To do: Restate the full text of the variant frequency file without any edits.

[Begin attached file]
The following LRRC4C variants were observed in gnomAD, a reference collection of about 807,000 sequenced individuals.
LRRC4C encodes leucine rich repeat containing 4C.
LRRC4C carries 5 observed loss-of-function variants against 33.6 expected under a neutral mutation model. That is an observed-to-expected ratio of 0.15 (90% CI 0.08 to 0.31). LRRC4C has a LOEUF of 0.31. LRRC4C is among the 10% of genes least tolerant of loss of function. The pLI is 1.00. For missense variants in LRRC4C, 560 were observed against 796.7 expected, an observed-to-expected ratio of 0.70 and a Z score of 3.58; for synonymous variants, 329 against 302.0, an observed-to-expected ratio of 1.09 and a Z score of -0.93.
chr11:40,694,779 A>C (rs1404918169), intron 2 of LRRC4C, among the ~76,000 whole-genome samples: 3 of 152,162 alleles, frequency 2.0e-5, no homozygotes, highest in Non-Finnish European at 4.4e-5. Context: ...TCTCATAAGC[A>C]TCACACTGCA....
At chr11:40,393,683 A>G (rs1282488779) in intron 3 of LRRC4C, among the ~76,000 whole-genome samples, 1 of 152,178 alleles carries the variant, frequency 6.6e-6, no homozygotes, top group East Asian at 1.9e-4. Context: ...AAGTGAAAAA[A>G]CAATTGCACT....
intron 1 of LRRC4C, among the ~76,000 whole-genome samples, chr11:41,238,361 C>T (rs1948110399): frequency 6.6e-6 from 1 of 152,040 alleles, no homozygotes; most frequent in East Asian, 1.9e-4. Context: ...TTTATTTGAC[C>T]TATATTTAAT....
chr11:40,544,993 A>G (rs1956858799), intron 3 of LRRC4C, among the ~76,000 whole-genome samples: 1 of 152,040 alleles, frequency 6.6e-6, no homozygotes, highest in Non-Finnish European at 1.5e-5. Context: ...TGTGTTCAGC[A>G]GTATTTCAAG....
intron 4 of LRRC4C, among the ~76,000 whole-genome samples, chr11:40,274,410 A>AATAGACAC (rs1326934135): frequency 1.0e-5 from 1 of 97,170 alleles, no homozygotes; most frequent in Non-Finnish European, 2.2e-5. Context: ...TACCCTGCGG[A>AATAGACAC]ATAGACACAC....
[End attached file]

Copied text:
The following LRRC4C variants were observed in gnomAD, a reference collection of about 807,000 sequenced individuals.
LRRC4C encodes leucine rich repeat containing 4C.
LRRC4C carries 5 observed loss-of-function variants against 33.6 expected under a neutral mutation model. That is an observed-to-expected ratio of 0.15 (90% CI 0.08 to 0.31). LRRC4C has a LOEUF of 0.31. LRRC4C is among the 10% of genes least tolerant of loss of function. The pLI is 1.00. For missense variants in LRRC4C, 560 were observed against 796.7 expected, an observed-to-expected ratio of 0.70 and a Z score of 3.58; for synonymous variants, 329 against 302.0, an observed-to-expected ratio of 1.09 and a Z score of -0.93.
chr11:40,694,779 A>C (rs1404918169), intron 2 of LRRC4C, among the ~76,000 whole-genome samples: 3 of 152,162 alleles, frequency 2.0e-5, no homozygotes, highest in Non-Finnish European at 4.4e-5. Context: ...TCTCATAAGC[A>C]TCACACTGCA....
At chr11:40,393,683 A>G (rs1282488779) in intron 3 of LRRC4C, among the ~76,000 whole-genome samples, 1 of 152,178 alleles carries the variant, frequency 6.6e-6, no homozygotes, top group East Asian at 1.9e-4. Context: ...AAGTGAAAAA[A>G]CAATTGCACT....
intron 1 of LRRC4C, among the ~76,000 whole-genome samples, chr11:41,238,361 C>T (rs1948110399): frequency 6.6e-6 from 1 of 152,040 alleles, no homozygotes; most frequent in East Asian, 1.9e-4. Context: ...TTTATTTGAC[C>T]TATATTTAAT....
chr11:40,544,993 A>G (rs1956858799), intron 3 of LRRC4C, among the ~76,000 whole-genome samples: 1 of 152,040 alleles, frequency 6.6e-6, no homozygotes, highest in Non-Finnish European at 1.5e-5. Context: ...TGTGTTCAGC[A>G]GTATTTCAAG....
intron 4 of LRRC4C, among the ~76,000 whole-genome samples, chr11:40,274,410 A>AATAGACAC (rs1326934135): frequency 1.0e-5 from 1 of 97,170 alleles, no homozygotes; most frequent in Non-Finnish European, 2.2e-5. Context: ...TACCCTGCGG[A>AATAGACAC]ATAGACACAC....